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PLANSPONSOR NEWSDASH LOGO March 11th, 2020
Insight on Plan Design & Investment Strategy Every Weekday
Compliance
How Democratic Candidates’ Retirement Proposals Could Affect Employer-Sponsored Plans
How Democratic Candidates’ Retirement Proposals Could Affect Employer-Sponsored Plans
A national automatic savings plan would be a strong possibility, multiemployer plan sponsors could end up in a worse crisis and nonqualified plans would face a big disruption.
Administration
Coronavirus Creates Perfect Storm for DB Plan Funded Status Drop in February
What happened to interest rates is just as important as what happened to equity markets, and DB plan sponsors should implement portfolios that manage both.
Most Read
Compliance
DOL ESG Proposal Throws a Cloud Over Prior Guidance
Compliance
Lawsuit Says Plan Fiduciaries Should Have Chosen Less Expensive CITs
Opinions
COVID-19 Compliance Corner: IRS Expands CRD Eligibility and Clarifies Loan Rules
Ask the Experts
Does SECURE Act’s Inclusion of Part-Time Employees Provision Apply to 403(b)s?
“We sponsor an Employee Retirement Income Security Act (ERISA) 403(b) plan and recently read about the new SECURE Act rules for long-service, part-time employees. Will they apply to our plan?
SPONSORED BY: Mercer
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As a leading defined contribution OCIO provider in the U.S., Mercer can help you meet plan goals and improve employee outcomes. Click to schedule a free consultation from the #1 OCIO provider.
Market Mirror
Tuesday, the Dow surged higher 1,167.14 points (4.89%) to 25,018.16, the NASDAQ gained 393.58 points (4.95%) to finish at 8,344.25, and the S&P 500 closed 135.67 points (4.94%) higher at 2,882.23. The Russell 2000 increased 37.46 points (2.85%) to 1,350.90, and the Wilshire 5000 climbed 1,313.22 points (4.73%) to 29,088.20.

The price of the 10-year Treasury note decreased 2 2/32, bringing its yield up to 0.795%. The price of the 30-year Treasury bond fell 7 30/32, increasing its yield to 1.299%.
Compliance
Senator Murray Says ‘INFORM Act’ Will Protect Lump-Sum Recipients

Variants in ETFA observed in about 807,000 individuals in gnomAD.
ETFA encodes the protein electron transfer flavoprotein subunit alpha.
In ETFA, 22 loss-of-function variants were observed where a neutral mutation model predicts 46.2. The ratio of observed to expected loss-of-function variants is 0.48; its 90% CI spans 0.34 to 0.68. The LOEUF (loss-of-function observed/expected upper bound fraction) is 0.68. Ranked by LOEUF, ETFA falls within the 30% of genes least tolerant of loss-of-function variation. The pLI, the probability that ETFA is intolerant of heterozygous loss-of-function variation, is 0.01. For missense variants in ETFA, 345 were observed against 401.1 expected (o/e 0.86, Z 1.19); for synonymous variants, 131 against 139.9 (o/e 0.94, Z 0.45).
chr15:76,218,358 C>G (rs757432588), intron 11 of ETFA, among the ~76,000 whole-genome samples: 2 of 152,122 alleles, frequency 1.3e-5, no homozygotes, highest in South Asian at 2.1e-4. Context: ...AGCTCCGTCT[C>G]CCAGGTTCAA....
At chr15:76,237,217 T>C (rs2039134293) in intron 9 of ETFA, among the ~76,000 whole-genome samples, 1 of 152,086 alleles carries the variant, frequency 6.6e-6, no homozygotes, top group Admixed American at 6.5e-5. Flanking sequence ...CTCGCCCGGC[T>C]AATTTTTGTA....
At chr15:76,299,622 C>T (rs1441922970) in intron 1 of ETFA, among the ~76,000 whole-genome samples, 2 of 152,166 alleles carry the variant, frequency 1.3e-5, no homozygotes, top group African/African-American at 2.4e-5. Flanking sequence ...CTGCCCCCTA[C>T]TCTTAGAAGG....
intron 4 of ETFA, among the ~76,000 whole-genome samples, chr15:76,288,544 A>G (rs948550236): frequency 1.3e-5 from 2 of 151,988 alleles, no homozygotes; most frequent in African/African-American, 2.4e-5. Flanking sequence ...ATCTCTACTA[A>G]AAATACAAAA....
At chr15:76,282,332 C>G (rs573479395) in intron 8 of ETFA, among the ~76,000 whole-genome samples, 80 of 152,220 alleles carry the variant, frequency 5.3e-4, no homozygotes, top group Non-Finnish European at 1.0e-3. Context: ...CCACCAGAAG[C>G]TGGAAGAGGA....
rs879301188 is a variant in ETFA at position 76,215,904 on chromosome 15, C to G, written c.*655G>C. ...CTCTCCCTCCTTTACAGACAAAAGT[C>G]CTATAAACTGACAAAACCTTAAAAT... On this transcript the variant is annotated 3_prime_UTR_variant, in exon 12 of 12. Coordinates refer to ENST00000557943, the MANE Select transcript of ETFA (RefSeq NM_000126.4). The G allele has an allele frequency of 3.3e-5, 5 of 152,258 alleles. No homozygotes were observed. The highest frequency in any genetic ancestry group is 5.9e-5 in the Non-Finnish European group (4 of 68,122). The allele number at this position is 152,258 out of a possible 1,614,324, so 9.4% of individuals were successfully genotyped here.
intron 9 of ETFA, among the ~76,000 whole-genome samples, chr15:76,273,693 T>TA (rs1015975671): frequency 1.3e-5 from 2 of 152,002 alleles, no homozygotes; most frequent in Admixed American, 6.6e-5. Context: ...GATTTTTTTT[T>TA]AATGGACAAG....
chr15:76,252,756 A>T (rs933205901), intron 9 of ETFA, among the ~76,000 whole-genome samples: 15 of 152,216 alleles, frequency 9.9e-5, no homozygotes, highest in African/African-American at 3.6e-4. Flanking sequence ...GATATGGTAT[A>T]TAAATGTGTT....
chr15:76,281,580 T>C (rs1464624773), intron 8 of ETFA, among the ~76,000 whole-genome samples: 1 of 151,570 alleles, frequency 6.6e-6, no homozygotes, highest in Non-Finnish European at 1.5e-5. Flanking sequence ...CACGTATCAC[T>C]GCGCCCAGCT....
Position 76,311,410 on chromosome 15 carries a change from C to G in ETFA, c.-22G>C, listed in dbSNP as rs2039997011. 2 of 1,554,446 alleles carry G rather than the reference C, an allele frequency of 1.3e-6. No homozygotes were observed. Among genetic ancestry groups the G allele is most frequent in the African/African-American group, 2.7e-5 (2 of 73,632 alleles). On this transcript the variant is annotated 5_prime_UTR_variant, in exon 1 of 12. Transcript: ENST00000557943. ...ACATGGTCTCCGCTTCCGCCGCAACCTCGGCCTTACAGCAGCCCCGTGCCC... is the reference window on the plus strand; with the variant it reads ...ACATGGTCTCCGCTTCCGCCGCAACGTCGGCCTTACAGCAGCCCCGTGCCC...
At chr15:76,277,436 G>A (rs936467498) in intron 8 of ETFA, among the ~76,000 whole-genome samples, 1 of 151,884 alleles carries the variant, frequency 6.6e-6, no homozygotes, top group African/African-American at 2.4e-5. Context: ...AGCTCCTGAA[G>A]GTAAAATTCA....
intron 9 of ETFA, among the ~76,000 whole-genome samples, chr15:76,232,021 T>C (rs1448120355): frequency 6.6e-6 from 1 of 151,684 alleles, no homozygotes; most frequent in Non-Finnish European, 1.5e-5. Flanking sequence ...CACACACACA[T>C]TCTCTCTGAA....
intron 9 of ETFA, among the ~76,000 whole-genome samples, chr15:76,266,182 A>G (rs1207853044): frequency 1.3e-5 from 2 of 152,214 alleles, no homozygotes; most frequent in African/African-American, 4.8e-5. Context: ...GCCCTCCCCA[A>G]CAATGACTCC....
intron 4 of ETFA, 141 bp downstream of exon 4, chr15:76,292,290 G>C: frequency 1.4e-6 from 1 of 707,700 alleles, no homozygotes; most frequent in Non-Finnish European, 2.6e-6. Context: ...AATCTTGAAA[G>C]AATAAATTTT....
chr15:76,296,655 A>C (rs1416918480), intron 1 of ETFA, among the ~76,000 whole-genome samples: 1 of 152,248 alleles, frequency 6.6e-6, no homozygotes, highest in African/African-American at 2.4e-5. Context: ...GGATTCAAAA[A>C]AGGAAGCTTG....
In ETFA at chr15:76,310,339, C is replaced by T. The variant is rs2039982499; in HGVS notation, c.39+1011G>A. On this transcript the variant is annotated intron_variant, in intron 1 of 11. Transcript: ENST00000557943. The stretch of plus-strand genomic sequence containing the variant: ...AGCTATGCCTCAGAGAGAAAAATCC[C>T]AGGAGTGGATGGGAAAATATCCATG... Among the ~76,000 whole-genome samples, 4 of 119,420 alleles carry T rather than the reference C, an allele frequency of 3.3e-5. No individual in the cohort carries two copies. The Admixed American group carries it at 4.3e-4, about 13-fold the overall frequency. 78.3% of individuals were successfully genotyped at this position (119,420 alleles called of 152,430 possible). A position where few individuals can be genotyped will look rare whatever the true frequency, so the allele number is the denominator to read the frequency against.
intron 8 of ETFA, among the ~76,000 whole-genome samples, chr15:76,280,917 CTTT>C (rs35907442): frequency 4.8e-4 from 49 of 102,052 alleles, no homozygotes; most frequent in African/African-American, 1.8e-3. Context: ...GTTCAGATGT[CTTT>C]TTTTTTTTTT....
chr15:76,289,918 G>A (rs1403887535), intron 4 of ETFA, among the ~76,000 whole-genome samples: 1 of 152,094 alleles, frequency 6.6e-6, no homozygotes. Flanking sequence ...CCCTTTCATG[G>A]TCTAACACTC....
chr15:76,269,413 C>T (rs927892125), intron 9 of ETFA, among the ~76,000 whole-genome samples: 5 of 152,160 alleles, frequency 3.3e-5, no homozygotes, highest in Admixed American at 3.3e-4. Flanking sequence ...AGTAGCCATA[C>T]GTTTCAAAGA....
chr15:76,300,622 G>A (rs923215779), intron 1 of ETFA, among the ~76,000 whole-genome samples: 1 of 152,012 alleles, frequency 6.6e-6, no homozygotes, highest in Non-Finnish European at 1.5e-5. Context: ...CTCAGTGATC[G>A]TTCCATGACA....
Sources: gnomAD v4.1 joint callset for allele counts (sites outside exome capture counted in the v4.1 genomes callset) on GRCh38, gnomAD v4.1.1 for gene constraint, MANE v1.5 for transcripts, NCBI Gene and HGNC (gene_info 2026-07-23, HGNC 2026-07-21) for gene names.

A new bill in the U.S. Senate would require pension plan sponsors to provide plan participants and retirees with certain ‘critical information’ when offering lump-sum buyouts.
Data and Research
Lasting Volatility Faces Retirement Investors
“If you miss even a handful of big rebound days, you will really damage your long-term returns,” warns Katherine Roy, J.P. Morgan chief retirement strategist.
Small Talk
ON THIS DATE: In 1824, the U.S. War Department created the Bureau of Indian Affairs. Seneca Indian Ely Parker became the first Indian to lead the Bureau. In 1861, a Confederate Convention was held in Montgomery, Alabama, where a new constitution was adopted. In 1865, Union General William Sherman and his forces occupied Fayetteville, North Carolina. In 1882, the Intercollegiate Lacrosse Association was formed in Princeton, New Jersey. In 1888, one of the worst blizzards in American history struck the Northeast, killing more than 400 people and dumping as much as 55 inches of snow in some areas. In 1901, U.S. Steel was formed when industrialist J.P. Morgan purchased Carnegie Steel Corp. In 1930, Babe Ruth signed a two-year contract with the New York Yankees for the sum of $80,000. In 1930, President Howard Taft became the first U.S. president to be buried in the National Cemetery in Arlington, Virginia. In 1941, President Franklin D. Roosevelt signed the Lend-Lease Act, which authorized the provision of war supplies to the Allies. In 1964, Senator Carl Hayden broke the record for continuous service in the U.S. Senate. He had worked 37 years and seven days. In 1969, Levi-Strauss started selling bell-bottomed jeans. In 1993, Janet Reno was unanimously confirmed by the Senate to become the first female attorney general. In 2002, two columns of light were pointed skyward from ground zero in New York City as a temporary memorial to the victims of the terrorist attacks of September 11, 2001.
WEDNESDAY WISDOM: “The less you talk, the more you’re listened to.”—Pauline Phillips, also known as Abigail Van Buren, who began the Dear Abby newspaper column
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